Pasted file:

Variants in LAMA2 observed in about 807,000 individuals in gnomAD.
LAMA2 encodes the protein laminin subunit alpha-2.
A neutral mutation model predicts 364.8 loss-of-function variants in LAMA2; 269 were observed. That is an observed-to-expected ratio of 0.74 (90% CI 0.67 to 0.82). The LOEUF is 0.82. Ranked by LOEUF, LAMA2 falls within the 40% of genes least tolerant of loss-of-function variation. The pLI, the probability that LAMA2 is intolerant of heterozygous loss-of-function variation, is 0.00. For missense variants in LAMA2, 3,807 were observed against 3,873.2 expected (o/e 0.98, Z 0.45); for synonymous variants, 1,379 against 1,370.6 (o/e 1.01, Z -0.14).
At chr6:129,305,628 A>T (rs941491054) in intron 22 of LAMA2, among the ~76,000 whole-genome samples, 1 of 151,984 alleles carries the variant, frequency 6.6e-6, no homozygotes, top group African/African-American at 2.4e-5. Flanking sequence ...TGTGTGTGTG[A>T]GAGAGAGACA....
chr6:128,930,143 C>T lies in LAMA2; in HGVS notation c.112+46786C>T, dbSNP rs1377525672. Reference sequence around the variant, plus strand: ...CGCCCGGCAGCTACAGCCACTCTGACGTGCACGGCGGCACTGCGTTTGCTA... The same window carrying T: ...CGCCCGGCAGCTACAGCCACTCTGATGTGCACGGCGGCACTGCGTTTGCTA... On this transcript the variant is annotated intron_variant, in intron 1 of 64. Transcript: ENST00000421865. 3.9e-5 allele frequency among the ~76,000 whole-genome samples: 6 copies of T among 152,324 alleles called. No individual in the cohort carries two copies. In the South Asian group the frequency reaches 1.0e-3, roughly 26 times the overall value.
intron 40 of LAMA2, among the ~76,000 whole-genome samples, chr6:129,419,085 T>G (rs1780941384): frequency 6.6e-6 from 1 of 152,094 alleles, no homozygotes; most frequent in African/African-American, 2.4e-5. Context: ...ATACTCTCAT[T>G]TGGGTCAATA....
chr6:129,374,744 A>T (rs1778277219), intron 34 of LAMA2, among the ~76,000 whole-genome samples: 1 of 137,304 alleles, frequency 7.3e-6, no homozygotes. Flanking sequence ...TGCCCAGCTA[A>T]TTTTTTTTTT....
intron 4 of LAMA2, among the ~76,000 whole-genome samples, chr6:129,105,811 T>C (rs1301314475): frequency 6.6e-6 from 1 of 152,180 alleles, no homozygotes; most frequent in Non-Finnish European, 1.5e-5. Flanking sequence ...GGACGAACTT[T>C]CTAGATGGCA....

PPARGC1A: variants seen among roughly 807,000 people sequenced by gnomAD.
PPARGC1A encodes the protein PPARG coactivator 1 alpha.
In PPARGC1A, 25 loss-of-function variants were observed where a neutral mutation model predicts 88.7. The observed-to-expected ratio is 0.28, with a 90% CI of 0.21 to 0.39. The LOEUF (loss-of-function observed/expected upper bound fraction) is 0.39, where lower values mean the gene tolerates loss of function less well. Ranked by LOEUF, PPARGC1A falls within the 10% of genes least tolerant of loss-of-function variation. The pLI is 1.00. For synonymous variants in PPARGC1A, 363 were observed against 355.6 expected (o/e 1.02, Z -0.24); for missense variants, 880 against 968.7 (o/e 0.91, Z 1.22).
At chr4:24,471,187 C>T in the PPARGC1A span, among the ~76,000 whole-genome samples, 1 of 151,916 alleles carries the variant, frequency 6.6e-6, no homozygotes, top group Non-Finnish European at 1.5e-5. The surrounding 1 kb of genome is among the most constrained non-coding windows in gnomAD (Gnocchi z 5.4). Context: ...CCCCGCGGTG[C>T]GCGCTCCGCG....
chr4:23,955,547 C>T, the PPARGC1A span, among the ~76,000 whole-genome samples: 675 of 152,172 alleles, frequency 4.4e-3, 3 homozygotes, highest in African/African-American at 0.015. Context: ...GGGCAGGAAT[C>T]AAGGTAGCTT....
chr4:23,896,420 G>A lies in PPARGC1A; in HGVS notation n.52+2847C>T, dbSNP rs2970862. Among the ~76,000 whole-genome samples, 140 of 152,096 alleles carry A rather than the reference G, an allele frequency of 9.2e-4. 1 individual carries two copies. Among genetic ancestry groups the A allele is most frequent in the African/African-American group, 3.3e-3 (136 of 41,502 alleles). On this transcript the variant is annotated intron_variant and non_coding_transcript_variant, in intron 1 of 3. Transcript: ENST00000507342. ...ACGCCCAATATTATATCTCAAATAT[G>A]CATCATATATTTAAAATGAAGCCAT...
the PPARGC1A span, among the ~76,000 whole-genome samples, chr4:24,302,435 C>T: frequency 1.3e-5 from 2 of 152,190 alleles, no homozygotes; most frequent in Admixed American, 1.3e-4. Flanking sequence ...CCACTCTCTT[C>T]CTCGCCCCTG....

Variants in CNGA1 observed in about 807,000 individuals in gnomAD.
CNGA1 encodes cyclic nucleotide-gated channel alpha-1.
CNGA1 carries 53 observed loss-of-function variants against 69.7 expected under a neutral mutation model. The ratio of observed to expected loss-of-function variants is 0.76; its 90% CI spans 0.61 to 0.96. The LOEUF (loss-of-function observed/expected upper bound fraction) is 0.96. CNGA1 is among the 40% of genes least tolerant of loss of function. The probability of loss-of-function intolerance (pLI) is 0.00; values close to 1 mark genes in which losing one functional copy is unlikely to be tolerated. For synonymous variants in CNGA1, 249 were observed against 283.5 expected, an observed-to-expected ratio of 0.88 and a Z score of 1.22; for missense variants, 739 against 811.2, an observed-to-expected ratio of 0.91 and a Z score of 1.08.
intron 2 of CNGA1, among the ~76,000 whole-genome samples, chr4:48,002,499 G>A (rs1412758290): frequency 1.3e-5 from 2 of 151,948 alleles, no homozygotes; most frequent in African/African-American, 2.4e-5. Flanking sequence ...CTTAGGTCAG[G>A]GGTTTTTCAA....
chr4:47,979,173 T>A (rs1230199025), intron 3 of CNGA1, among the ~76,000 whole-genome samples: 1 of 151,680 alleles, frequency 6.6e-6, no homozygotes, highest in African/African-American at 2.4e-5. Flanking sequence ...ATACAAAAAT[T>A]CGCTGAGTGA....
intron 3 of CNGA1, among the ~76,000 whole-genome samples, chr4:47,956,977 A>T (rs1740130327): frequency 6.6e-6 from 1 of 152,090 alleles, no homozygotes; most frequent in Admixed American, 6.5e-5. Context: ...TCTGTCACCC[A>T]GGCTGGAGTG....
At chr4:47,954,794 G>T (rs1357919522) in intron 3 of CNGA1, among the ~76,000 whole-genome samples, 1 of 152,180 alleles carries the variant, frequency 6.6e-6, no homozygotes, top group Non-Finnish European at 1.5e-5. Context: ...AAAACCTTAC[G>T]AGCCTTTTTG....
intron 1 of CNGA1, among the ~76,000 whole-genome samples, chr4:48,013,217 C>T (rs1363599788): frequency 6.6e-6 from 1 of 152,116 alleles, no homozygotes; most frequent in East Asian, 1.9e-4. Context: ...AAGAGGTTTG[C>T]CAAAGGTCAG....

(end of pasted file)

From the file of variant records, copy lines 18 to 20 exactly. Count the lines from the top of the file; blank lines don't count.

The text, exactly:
CNGA1 carries 53 observed loss-of-function variants against 69.7 expected under a neutral mutation model. The ratio of observed to expected loss-of-function variants is 0.76; its 90% CI spans 0.61 to 0.96. The LOEUF (loss-of-function observed/expected upper bound fraction) is 0.96. CNGA1 is among the 40% of genes least tolerant of loss of function. The probability of loss-of-function intolerance (pLI) is 0.00; values close to 1 mark genes in which losing one functional copy is unlikely to be tolerated. For synonymous variants in CNGA1, 249 were observed against 283.5 expected, an observed-to-expected ratio of 0.88 and a Z score of 1.22; for missense variants, 739 against 811.2, an observed-to-expected ratio of 0.91 and a Z score of 1.08.
intron 2 of CNGA1, among the ~76,000 whole-genome samples, chr4:48,002,499 G>A (rs1412758290): frequency 1.3e-5 from 2 of 151,948 alleles, no homozygotes; most frequent in African/African-American, 2.4e-5. Flanking sequence ...CTTAGGTCAG[G>A]GGTTTTTCAA....
chr4:47,979,173 T>A (rs1230199025), intron 3 of CNGA1, among the ~76,000 whole-genome samples: 1 of 151,680 alleles, frequency 6.6e-6, no homozygotes, highest in African/African-American at 2.4e-5. Flanking sequence ...ATACAAAAAT[T>A]CGCTGAGTGA....